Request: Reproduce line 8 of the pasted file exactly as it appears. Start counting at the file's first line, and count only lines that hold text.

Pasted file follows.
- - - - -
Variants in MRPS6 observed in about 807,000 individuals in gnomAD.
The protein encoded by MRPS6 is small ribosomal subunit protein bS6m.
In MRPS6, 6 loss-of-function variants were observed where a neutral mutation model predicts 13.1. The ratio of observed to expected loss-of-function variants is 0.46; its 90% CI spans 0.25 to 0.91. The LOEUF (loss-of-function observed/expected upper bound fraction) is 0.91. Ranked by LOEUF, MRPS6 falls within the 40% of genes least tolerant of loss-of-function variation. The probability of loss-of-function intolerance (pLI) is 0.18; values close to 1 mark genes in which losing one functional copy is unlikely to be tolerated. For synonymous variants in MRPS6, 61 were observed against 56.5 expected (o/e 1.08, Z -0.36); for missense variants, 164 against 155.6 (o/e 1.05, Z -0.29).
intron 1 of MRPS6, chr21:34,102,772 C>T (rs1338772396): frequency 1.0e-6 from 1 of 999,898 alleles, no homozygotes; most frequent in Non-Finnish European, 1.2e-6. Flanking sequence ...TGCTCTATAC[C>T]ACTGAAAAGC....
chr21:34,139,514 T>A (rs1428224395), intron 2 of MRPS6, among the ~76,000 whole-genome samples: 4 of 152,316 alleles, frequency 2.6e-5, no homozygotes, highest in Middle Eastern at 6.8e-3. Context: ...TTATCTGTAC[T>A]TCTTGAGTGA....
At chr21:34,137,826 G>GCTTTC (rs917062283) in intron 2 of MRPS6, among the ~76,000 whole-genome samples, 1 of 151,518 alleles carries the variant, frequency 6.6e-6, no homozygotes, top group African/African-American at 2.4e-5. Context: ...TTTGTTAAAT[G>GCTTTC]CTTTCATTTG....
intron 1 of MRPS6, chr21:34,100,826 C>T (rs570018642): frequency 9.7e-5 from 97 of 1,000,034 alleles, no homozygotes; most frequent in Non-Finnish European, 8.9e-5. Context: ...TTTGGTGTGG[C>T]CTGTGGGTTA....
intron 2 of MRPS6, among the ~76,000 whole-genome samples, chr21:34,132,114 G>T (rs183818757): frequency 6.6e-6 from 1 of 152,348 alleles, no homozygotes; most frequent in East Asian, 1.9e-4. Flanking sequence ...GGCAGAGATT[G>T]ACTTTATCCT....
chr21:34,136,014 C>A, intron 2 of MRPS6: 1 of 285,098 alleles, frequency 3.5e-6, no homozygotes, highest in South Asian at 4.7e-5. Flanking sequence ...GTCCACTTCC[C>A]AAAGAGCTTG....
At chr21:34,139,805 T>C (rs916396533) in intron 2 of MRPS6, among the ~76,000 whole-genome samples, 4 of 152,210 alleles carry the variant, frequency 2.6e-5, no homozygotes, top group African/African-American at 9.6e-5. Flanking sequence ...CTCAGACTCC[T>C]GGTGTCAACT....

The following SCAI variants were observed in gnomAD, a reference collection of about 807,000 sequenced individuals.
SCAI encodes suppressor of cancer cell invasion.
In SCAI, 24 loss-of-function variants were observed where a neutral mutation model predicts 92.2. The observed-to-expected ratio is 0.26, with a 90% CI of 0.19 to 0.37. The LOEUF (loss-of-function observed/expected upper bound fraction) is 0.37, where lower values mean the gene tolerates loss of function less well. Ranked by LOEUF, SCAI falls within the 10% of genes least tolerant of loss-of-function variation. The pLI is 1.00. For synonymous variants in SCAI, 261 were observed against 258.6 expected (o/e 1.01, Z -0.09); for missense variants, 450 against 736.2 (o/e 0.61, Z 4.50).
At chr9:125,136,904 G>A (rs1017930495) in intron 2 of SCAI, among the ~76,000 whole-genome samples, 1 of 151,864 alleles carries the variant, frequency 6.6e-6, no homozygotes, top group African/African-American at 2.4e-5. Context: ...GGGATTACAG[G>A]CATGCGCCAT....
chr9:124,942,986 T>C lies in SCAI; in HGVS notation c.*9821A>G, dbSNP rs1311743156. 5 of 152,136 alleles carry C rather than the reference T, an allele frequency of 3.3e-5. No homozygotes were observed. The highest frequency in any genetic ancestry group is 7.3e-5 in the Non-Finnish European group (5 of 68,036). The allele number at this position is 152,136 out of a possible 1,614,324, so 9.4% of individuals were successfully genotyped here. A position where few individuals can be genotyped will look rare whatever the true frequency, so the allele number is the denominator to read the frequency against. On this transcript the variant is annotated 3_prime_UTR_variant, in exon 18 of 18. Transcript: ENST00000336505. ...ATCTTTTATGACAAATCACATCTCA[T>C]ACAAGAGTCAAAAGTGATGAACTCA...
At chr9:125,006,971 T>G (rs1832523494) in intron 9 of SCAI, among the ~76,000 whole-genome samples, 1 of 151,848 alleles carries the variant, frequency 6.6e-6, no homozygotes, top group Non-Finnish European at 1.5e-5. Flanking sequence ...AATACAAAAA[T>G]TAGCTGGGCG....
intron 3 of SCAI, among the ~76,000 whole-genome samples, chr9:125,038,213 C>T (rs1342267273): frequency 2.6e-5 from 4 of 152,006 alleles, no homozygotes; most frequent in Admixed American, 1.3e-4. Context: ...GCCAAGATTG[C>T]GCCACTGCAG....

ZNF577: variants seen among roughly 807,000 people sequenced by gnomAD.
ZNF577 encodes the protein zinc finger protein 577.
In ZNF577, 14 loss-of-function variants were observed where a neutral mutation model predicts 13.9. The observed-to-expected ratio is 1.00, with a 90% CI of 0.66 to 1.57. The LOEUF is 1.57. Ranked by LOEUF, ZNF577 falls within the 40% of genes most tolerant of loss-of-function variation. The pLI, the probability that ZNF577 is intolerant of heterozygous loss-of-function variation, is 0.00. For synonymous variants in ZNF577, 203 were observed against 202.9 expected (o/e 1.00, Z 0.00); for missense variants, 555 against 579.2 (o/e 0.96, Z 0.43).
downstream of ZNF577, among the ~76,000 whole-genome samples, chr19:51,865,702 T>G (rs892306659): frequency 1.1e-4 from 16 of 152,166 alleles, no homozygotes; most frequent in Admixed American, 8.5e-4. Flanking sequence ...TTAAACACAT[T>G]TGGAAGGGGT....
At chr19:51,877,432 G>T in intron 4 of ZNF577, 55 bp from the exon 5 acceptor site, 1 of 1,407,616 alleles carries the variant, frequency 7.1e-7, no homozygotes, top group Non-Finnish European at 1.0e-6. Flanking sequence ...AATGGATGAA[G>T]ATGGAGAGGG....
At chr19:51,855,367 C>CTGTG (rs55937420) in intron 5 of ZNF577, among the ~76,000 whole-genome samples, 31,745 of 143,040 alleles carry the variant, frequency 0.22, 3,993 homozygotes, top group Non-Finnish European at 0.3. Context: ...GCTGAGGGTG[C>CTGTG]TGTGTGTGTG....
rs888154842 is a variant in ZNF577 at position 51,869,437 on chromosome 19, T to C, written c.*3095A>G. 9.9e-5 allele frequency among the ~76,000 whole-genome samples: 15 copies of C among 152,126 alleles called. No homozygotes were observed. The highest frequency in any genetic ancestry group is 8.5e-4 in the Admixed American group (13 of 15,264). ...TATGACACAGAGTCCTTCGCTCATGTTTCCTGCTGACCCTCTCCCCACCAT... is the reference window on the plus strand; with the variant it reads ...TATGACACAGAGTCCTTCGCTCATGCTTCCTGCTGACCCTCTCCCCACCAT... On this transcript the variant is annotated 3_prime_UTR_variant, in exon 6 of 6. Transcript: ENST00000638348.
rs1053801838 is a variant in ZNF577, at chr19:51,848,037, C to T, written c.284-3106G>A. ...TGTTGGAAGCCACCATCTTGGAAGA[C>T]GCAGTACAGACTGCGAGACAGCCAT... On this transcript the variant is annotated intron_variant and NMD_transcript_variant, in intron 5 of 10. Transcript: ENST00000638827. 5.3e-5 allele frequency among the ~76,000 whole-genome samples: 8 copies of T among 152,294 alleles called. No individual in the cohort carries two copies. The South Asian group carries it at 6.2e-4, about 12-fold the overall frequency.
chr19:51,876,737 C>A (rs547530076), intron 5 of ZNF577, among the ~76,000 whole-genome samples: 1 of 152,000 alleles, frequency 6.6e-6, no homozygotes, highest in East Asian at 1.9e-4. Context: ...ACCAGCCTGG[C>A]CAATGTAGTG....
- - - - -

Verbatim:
intron 2 of MRPS6, among the ~76,000 whole-genome samples, chr21:34,132,114 G>T (rs183818757): frequency 6.6e-6 from 1 of 152,348 alleles, no homozygotes; most frequent in East Asian, 1.9e-4. Flanking sequence ...GGCAGAGATT[G>T]ACTTTATCCT....